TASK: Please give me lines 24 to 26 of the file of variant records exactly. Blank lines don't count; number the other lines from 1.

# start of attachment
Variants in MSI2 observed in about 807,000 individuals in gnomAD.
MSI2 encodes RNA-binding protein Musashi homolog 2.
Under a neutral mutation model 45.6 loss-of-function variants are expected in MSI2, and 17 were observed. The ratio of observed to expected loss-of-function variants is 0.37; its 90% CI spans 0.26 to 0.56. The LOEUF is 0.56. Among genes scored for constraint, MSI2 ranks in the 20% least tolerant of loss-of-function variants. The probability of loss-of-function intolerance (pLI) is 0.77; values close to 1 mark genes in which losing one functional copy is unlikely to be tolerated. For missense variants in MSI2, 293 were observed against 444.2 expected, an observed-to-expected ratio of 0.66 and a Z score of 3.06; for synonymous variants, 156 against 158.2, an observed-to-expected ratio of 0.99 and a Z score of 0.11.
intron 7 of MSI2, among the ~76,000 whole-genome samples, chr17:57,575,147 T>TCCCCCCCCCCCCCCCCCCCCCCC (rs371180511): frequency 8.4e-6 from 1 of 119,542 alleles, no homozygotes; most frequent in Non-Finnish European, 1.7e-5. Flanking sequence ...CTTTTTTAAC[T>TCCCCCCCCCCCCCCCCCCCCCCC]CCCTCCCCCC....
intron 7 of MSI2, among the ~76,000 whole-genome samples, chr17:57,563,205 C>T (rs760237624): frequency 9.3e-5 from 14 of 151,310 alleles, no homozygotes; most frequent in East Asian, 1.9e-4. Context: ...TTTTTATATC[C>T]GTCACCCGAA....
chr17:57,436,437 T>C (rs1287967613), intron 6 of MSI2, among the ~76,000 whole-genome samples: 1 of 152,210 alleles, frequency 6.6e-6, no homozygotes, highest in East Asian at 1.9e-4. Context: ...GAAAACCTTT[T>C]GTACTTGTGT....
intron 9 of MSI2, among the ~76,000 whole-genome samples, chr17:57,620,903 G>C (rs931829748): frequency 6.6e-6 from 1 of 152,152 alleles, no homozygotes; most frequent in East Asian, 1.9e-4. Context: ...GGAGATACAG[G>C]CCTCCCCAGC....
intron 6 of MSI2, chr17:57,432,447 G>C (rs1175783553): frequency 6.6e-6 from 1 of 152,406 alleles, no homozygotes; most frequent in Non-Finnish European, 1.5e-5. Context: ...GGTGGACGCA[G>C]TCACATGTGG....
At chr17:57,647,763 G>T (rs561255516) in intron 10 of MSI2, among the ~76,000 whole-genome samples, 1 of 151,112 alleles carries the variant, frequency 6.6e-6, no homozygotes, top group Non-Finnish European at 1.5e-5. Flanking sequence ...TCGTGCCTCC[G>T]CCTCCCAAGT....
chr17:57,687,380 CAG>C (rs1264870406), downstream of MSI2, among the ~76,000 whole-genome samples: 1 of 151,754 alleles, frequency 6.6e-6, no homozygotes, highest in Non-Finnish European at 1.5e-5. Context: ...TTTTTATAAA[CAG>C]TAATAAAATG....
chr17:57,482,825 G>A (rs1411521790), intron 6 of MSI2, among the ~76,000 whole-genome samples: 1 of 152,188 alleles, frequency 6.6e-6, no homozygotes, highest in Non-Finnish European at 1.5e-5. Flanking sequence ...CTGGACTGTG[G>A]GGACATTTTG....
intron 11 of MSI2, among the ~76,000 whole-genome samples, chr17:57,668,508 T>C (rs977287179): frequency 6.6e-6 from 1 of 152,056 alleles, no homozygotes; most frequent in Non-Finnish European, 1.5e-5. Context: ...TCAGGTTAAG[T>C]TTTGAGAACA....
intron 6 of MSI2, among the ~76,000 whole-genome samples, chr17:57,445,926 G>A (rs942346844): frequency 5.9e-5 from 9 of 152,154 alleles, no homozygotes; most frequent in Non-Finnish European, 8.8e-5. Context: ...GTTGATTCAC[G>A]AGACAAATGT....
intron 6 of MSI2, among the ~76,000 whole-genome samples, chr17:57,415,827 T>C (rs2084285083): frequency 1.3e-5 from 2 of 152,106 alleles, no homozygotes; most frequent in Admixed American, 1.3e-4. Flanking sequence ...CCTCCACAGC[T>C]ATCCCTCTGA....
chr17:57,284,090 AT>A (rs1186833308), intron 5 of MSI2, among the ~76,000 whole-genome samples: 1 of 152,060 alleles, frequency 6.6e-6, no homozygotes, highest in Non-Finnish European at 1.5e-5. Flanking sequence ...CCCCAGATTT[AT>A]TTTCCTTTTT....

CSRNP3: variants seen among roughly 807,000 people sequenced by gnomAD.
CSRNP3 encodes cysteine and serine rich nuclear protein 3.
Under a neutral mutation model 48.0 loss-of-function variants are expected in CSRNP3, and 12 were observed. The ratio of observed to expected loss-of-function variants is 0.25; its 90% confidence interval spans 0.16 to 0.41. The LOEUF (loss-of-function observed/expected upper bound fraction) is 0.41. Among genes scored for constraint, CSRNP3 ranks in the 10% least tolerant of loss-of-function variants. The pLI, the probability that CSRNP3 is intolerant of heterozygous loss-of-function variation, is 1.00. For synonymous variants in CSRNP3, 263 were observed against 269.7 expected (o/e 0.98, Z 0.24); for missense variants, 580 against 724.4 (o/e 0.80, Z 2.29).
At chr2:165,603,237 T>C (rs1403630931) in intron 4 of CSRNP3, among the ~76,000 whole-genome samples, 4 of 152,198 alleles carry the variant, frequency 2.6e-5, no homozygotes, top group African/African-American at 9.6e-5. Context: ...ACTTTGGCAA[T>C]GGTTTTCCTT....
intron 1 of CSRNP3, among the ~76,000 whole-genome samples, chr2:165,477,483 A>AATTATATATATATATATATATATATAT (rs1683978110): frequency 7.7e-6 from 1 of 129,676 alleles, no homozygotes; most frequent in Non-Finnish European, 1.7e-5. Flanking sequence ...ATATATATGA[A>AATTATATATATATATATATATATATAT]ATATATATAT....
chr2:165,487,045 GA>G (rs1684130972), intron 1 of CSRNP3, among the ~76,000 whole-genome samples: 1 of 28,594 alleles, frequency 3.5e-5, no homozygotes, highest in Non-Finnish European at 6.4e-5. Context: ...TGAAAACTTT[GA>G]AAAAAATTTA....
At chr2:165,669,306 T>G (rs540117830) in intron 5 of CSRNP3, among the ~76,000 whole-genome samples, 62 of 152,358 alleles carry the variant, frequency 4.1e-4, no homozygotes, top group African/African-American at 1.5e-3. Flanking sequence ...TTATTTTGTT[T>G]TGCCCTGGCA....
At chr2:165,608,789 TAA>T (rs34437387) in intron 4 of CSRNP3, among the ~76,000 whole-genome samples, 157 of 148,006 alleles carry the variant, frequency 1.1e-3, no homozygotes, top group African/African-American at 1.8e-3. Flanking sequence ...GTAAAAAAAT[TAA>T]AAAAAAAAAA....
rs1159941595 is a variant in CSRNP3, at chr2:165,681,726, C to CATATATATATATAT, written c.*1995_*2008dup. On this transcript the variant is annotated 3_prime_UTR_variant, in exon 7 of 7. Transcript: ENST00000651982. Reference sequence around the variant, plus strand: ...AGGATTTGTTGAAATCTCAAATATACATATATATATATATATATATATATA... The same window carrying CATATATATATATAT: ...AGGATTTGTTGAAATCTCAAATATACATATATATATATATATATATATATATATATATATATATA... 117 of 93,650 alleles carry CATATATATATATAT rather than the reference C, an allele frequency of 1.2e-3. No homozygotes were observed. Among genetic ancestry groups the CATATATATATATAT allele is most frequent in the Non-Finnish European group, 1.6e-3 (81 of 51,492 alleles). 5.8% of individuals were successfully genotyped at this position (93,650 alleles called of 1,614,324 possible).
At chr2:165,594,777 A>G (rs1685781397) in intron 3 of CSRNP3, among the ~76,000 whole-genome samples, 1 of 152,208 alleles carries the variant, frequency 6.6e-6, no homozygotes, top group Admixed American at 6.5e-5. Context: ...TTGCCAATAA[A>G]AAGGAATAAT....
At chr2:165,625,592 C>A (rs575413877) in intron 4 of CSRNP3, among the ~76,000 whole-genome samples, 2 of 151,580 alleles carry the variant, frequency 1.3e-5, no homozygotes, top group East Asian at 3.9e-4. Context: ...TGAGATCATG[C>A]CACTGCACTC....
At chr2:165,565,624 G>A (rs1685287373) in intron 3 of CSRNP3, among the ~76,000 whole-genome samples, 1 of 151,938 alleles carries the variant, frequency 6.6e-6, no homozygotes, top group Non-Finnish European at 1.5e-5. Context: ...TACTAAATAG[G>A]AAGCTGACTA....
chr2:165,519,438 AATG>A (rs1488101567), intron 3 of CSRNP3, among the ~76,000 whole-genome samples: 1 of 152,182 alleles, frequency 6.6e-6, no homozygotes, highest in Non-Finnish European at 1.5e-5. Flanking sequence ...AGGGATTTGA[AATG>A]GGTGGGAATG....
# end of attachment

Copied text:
rs1159941595 is a variant in CSRNP3, at chr2:165,681,726, C to CATATATATATATAT, written c.*1995_*2008dup. On this transcript the variant is annotated 3_prime_UTR_variant, in exon 7 of 7. Transcript: ENST00000651982. Reference sequence around the variant, plus strand: ...AGGATTTGTTGAAATCTCAAATATACATATATATATATATATATATATATA... The same window carrying CATATATATATATAT: ...AGGATTTGTTGAAATCTCAAATATACATATATATATATATATATATATATATATATATATATATA... 117 of 93,650 alleles carry CATATATATATATAT rather than the reference C, an allele frequency of 1.2e-3. No homozygotes were observed. Among genetic ancestry groups the CATATATATATATAT allele is most frequent in the Non-Finnish European group, 1.6e-3 (81 of 51,492 alleles). 5.8% of individuals were successfully genotyped at this position (93,650 alleles called of 1,614,324 possible).
At chr2:165,594,777 A>G (rs1685781397) in intron 3 of CSRNP3, among the ~76,000 whole-genome samples, 1 of 152,208 alleles carries the variant, frequency 6.6e-6, no homozygotes, top group Admixed American at 6.5e-5. Context: ...TTGCCAATAA[A>G]AAGGAATAAT....
At chr2:165,625,592 C>A (rs575413877) in intron 4 of CSRNP3, among the ~76,000 whole-genome samples, 2 of 151,580 alleles carry the variant, frequency 1.3e-5, no homozygotes, top group East Asian at 3.9e-4. Context: ...TGAGATCATG[C>A]CACTGCACTC....